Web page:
Understanding Your Labwork

Understanding Your Labwork

Getting started with monitoring

If you are taking warfarin, your doctor will ask that you regularly monitor the blood-clotting level to be sure your medication is working and the dose of warfarin is correct. Your result is written as a value called the INR (international normalized ratio) tests how quickly your blood clots. Another test sometimes used is called the prothrombin time or PT. The INR is the most commonly done to test how warfarin is working.

How does it work?

These tests are usually fairly easy to perform and the results are available right away. It requires a finger prick using a lancet which helps you gather a very small of your own blood. Within a few seconds of pricking your finger, a drop of blood should be placed into the tester. Your blood sample is then mixed with a laboratory chemical and timed to see how long it takes before a clot is formed.

What is the desired result?

People with AFib who are taking anticoagulant medications should generally have an INR between 2.0 and 3.0. In some cases, such as those with mechanical heart valves, the desired INR may be higher - about 2.5 to 3.5. The doctor will use the INR to adjust a person's drug dosage to get the clotting time or prothrombin time into the desired range that is right for the person and their condition.

Your warfarin dosage will be carefully adjusted to maintain an INR level appropriate for your individual needs and risks. For this reason, you will have the best results if you take your medicine exactly as prescribed. Have your blood tested regularly according to your doctor's orders. If you need heparin or low-molecular-weight heparin, blood tests are also required to check that the dose is correct.

What does my lab report tell me?

Your goal: the right clotting time

The goal of anticoagulation therapy is to lower the clotting tendency of your blood, not to prevent clotting completely. Your body will still need to be able to form clots in response to injury or situations like nose bleed.

Dosage may need adjustments

The effects of warfarin must be monitored carefully through regular blood testing. Unlike most medications that are administered as a fixed dose, warfarin dosing is adjusted according to the INR blood test results; therefore, the dose usually changes over time. Coumadin/warfarin pills come in different colors, and each color corresponds to a different dose.

How often should I test?

It is important to monitor the INR (at least once a month and sometimes as often as twice weekly) to make sure that the level of warfarin remains in the effective range. If the INR is too low, blood clots will not be prevented and you will be at risk of a stroke, but if the INR is too high, there is an increased risk of bleeding. This is why those who take warfarin must have their blood tested frequently, especially since the food you eat can impact your INR. It is a fine and important balance!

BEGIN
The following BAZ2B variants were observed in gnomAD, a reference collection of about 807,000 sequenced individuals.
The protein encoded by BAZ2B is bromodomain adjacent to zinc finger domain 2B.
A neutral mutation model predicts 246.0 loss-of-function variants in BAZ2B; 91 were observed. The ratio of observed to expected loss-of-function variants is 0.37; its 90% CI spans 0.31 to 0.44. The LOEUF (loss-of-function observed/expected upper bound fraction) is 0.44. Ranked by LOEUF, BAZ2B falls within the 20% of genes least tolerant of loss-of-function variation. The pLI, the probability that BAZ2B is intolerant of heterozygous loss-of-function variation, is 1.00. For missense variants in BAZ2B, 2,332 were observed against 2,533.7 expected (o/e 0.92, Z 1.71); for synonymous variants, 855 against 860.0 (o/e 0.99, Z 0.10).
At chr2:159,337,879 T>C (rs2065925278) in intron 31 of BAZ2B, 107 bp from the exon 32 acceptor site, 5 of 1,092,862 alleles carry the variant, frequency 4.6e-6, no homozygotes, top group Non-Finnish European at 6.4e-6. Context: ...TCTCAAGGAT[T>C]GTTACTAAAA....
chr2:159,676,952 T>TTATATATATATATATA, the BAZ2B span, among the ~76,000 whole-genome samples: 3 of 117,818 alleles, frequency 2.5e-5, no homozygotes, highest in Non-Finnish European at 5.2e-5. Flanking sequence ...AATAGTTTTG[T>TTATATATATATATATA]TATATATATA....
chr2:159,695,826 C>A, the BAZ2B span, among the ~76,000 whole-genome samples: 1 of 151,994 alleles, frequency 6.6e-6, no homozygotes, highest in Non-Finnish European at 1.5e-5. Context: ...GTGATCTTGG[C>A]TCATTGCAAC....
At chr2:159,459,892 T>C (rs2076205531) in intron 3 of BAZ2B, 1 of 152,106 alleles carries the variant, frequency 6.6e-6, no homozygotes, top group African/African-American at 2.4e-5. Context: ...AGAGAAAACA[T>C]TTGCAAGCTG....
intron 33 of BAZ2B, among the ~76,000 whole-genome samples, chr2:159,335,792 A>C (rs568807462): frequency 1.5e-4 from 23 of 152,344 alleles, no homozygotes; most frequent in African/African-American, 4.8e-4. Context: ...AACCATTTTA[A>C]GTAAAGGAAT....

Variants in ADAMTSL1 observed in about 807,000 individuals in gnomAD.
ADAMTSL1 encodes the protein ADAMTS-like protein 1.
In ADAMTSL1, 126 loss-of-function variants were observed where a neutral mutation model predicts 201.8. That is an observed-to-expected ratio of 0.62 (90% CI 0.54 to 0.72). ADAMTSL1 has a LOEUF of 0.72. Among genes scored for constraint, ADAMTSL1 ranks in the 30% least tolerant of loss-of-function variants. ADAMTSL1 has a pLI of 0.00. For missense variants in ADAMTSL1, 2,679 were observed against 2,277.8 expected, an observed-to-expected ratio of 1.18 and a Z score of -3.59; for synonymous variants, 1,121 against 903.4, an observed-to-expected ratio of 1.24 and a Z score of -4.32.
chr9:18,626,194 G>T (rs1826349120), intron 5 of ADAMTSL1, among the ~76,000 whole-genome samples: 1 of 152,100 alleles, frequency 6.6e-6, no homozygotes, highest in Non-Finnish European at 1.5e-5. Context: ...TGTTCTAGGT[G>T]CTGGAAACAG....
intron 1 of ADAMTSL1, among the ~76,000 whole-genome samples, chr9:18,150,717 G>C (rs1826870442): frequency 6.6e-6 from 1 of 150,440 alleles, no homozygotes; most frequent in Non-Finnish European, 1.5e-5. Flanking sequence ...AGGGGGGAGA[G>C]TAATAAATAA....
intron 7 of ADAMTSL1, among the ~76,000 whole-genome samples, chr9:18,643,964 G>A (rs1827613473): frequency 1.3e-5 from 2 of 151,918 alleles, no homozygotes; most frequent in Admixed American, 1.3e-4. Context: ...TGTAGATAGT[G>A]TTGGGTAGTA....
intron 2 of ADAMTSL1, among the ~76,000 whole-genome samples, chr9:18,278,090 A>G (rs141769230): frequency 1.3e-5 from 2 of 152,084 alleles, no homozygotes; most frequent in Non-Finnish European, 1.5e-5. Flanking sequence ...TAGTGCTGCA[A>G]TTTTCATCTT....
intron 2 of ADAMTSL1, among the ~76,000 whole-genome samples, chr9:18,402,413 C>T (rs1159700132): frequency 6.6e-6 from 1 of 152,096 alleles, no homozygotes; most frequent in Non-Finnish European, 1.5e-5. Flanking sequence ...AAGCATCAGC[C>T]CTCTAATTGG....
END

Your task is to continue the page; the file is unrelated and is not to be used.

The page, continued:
Coumadin/Warfarin is a medication that will require regular monitoring for as long you are taking it. It is important for reducing your risks, so you may want to adapt your routine to make monitoring and medication management a part of your life. There are many people who take this medication and learn to manage the related tasks and integrate it into their routine fairly smoothly.

If the impact of managing warfarin is too great, you may wish to discuss the newer anticoagulants referred to as "NOACs" (novel oral anticoagulants) with your doctor because they generally do not have food and drug interactions and do not require regular testing. In addition, the NOACs were either as good as, or better than, warfarin at stroke prevention, and caused fewer bleeding incidents.

Recent Discussions From The At the Lab Forum
marseawell avatar

I was on Meloxicam for arthritis pain and it was working very well. Then I had my first and so far only episode of afib, although I’ve previously had two ablations, one for right ventricular outflow track tachycardia and one for SVT.  EP moved me from Xarelto that ER doc started me on to Eliquis because he said it was okay with Meloxicam. Pharmacist disagreed and wouldn’t fill it. Arthritis doc changed Meloxicam to Celebrex because she thought it more compatible with blood thinners. Pharmacist again disagreed and said no NSAID should be taken while on Eliquis, only Tylenol. Well Tylenol just doesn’t cut it. What do other arthritis patients on Eliquis do?

Leslowpuls37 avatar

I'm not sure if I'm in the right place to ask this question, but I'm just gonna go for it 😊 any and all information is greatly appreciated.  What is the diffrence between a cardiac ct with contrast and a echocardiogram? Is one superior over the other? Are they both able to find the same things? I do know the ct exposes you to radiation, but other than that is there really a difference? 

challenge avatar

As mentioned before on this forum my paroxysmal ( sometimes with intervals as long as 3 years ) AFIB turned into permanent AFIB when I changed ( on strong medical advice on account of bad side effects of Amiodarone ) to Tambocor ( Flecainide ). I then found out that Tambocor is only half as effective against AFIB as Amiodarone. Now I note in this forum that there is another seemingly successful medication called Tikosyn. Does anyone have statistical relative information on this medication?

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